]. Researchers note that education and technology that support lateral reading may be key to safeguarding democracy in a post-truth era that is saturated by disinformation [7
]. However, the use of professional fact-checking tools in education to support pupils’ transliteracy, lateral reading, and technocognition has not been studied in previous research to date.
What has been noted in media and information literacy research is that pupils often struggle to separate credible from misleading digital multimodal information [12
]. Even individuals with proficient news media knowledge may struggle to evaluate evidence online [17
]. The high expectations of news literacy programmes [3
] should be understood in light of these challenges. Scholars also emphasise that technology and educational interventions are not quick fixes for the complex challenge of misinformation [44
]. More time in front of computers does not necessarily make pupils more skilled at navigating online information [18
]. Without adequate media and information literacy, pupils may fail to separate credible information from misleading informationl, because they are not able to use effective and adaptive strategies when evaluating manipulated images and junk news [28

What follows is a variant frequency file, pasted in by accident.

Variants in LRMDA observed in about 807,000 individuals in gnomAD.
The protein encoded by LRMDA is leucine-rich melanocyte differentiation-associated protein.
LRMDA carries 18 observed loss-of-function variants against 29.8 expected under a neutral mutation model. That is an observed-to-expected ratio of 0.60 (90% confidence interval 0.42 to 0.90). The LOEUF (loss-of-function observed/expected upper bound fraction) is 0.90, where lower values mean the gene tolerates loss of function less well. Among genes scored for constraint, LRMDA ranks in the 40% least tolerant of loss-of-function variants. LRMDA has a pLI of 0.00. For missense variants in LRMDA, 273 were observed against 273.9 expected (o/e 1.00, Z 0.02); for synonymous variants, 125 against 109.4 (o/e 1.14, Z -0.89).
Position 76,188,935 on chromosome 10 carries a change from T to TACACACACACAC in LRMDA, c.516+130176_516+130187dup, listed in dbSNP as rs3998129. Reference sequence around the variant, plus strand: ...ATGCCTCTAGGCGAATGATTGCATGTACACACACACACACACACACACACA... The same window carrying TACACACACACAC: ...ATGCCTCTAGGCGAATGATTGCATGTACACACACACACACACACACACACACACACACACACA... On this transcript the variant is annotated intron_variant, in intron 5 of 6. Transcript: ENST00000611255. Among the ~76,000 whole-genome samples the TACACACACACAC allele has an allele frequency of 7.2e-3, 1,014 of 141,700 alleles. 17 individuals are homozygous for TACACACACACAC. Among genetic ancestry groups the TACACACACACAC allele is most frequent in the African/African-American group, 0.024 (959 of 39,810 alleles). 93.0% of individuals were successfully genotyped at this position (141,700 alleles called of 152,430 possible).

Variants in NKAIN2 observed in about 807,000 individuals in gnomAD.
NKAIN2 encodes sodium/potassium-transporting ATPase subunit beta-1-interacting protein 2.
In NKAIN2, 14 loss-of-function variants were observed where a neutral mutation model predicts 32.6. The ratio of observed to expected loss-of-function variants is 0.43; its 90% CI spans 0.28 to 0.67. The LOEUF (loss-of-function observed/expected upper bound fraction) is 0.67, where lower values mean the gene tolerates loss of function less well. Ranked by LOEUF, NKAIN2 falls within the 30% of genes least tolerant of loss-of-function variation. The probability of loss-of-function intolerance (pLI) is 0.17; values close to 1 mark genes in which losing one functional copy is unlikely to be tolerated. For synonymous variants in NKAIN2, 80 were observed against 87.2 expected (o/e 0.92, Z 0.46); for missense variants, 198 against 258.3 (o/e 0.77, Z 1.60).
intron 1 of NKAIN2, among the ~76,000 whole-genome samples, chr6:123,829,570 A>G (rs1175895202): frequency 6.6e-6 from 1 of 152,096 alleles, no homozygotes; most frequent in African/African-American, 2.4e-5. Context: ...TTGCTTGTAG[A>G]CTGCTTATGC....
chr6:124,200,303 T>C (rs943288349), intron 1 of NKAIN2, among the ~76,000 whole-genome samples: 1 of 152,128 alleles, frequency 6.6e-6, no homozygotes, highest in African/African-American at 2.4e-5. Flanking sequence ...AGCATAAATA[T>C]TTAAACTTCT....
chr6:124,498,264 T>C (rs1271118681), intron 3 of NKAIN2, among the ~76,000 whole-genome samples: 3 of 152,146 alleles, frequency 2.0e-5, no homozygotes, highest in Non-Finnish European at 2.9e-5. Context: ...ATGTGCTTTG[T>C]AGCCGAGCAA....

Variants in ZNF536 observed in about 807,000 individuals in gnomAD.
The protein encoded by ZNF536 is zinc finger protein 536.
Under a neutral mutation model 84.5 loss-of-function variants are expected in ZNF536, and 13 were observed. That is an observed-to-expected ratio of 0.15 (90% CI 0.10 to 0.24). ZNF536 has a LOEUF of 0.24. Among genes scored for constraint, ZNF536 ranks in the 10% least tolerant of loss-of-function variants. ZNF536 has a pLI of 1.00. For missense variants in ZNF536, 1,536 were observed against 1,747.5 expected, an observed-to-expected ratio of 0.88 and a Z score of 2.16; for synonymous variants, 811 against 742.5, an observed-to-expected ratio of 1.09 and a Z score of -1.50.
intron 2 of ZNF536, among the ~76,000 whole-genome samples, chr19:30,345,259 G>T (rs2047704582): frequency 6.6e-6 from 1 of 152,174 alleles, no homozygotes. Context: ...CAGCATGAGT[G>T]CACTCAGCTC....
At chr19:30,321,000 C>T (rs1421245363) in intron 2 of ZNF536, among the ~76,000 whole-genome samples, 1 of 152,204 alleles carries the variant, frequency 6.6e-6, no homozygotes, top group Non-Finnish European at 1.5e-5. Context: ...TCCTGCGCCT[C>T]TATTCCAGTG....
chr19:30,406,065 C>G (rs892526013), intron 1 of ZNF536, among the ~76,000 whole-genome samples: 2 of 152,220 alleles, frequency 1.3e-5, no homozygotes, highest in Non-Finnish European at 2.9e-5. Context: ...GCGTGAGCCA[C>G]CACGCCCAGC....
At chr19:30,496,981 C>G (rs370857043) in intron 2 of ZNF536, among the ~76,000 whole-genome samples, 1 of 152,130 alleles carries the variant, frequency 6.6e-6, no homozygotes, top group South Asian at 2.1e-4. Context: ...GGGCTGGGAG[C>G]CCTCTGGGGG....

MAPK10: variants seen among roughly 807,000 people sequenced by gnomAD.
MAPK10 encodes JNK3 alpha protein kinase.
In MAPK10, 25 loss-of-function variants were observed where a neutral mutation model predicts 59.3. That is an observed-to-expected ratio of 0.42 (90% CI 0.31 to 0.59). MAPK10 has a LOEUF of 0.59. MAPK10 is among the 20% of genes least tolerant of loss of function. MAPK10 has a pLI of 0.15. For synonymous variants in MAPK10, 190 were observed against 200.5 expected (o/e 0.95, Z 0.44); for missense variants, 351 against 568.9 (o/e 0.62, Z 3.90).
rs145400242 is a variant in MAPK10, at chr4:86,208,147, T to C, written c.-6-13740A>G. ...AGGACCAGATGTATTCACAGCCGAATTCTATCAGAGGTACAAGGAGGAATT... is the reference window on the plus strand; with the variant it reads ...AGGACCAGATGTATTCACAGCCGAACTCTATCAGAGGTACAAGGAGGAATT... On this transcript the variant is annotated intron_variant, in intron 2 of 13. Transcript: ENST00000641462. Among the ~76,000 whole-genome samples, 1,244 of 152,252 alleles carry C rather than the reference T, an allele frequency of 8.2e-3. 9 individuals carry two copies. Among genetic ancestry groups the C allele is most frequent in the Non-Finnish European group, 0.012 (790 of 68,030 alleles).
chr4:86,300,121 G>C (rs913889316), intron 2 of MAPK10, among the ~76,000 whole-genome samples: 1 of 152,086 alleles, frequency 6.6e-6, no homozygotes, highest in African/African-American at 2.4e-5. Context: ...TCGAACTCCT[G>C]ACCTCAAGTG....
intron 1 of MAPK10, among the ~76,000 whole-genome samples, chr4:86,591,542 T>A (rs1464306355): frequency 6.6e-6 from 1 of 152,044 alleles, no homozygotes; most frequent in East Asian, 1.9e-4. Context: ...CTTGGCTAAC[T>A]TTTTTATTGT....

]. In education, it is critical that the educational design includes a combination of challenging and stimulating tasks, and different types of hard and soft scaffolds to help pupils use online resources in constructive ways [47
While noting the many challenges, we still find a few studies highlighting the ways in which it is possible to support pupils lateral reading skills in education. Educational designs for promoting civic online reasoning have made it possible for teenagers at the university and high school level to scrutinise digital news in a similar manner to professional fact-checkers [20
]. Previous research has also identified that it is possible for upper secondary school pupils to use digital tools that are designed for professional historians in critical and constructive ways if they are supported by an educational intervention comprising supporting materials and teaching [54